Too Much ‘Happy Talk’ at Work Can Lead to Bad Decisions

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Photo: DeBrocke/Corbis

It’s okay to skip the “happy talk” at work, says Cass Sunstein, the Harvard professor, best-selling author, and behavioral economics guru, who is making the rounds this week promoting his newest book, Wiser: Getting Beyond Groupthink to Make Groups Smarter. Happy talk, as Sunstein explained yesterday on MSNBC’s Morning Joe, is when everyone in an organization speaks as if everything is going swimmingly and nothing, nothing at all, needs improvement.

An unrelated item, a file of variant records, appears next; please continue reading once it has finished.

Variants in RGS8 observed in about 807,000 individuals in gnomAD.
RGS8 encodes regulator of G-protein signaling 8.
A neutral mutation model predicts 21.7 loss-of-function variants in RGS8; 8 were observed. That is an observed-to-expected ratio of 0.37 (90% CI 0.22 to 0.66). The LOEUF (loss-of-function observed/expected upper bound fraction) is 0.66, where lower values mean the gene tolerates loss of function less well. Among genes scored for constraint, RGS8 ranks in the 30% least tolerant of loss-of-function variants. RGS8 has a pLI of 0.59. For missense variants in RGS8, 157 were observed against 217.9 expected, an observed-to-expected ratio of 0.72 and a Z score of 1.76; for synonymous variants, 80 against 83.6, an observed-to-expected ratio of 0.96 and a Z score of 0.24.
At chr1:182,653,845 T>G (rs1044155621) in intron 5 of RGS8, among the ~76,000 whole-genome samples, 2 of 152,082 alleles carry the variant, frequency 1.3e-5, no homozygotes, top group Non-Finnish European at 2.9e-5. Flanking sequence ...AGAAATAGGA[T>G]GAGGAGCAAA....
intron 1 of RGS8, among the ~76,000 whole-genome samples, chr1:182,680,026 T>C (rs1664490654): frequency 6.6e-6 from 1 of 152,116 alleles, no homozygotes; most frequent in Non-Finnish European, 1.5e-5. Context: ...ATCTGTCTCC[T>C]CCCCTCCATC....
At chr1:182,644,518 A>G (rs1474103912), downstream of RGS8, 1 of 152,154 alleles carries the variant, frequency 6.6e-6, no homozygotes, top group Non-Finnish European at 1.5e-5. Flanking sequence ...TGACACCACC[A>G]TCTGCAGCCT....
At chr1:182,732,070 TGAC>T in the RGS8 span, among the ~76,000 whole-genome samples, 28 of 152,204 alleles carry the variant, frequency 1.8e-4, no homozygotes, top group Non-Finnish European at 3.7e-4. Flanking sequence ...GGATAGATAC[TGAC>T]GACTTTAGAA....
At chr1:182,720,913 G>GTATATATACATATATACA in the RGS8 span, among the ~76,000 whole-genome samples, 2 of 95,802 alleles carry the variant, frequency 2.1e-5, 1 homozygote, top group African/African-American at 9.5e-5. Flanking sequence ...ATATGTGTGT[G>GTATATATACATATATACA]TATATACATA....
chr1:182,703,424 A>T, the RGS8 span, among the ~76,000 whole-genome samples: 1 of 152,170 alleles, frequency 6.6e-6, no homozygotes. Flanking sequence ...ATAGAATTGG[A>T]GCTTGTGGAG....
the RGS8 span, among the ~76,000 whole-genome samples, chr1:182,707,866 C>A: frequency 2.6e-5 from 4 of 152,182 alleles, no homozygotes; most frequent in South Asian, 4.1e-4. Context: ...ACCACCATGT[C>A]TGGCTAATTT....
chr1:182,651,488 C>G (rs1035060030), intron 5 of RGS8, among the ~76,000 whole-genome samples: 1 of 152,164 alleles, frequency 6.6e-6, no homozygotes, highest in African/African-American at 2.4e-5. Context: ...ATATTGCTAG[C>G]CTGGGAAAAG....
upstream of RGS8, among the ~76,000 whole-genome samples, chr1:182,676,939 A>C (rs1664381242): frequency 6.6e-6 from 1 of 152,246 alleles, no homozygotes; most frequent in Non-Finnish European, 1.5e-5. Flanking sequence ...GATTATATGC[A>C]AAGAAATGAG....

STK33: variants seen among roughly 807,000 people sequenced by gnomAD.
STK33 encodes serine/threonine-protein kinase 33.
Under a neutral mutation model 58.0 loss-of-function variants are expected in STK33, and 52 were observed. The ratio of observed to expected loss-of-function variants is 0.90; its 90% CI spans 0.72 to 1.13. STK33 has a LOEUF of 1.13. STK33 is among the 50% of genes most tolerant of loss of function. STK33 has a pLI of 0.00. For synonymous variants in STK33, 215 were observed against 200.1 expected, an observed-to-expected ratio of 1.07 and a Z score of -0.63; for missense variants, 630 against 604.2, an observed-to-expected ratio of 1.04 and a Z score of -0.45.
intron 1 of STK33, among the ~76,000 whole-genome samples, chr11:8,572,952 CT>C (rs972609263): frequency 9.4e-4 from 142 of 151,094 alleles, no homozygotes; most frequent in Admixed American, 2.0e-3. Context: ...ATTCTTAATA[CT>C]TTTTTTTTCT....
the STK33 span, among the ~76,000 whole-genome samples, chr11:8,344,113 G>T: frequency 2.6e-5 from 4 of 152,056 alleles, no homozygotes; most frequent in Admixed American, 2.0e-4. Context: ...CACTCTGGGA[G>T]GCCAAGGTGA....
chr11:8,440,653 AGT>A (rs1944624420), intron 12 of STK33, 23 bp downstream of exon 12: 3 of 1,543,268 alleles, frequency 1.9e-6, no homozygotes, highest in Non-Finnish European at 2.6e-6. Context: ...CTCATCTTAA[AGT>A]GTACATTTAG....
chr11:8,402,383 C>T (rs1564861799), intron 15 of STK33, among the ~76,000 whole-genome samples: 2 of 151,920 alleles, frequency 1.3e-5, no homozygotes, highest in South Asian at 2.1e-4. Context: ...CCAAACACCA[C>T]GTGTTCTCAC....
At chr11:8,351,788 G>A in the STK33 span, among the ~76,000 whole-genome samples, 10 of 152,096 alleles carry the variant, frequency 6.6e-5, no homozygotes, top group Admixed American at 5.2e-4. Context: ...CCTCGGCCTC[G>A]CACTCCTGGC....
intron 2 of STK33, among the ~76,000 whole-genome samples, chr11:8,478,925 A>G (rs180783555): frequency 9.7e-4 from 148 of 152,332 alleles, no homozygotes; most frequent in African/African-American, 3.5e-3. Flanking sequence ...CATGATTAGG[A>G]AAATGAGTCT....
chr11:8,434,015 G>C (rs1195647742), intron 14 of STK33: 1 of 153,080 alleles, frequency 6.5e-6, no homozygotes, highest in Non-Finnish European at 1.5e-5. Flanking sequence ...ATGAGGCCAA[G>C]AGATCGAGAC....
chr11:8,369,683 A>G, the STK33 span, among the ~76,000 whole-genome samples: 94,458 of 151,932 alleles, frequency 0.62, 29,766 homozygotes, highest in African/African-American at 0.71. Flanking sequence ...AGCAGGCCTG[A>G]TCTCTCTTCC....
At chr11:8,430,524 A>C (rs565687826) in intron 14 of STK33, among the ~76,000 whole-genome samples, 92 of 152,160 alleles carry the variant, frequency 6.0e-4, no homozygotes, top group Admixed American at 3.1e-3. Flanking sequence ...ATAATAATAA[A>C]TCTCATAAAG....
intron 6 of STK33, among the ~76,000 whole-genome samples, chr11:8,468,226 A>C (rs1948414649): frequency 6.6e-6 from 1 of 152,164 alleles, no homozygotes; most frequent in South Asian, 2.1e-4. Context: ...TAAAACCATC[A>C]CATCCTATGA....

As he said on the show, “A big problem is often groups have people who silence themselves, who don’t say what they know, who want to please the leader rather than inform the leader. So they tend to say happy things – they don’t want to promote anxiety or increase the burden on the leader’s shoulders.” It’s done with the best of intentions, but, as he writes in his book, focusing on the bright side “is a pervasive source of group failures,” for obvious reasons: If no one is pointing out the negative, there’s not much chance for improvement. In a way, it’s a reminder that it’s the negative people who tend to get things right.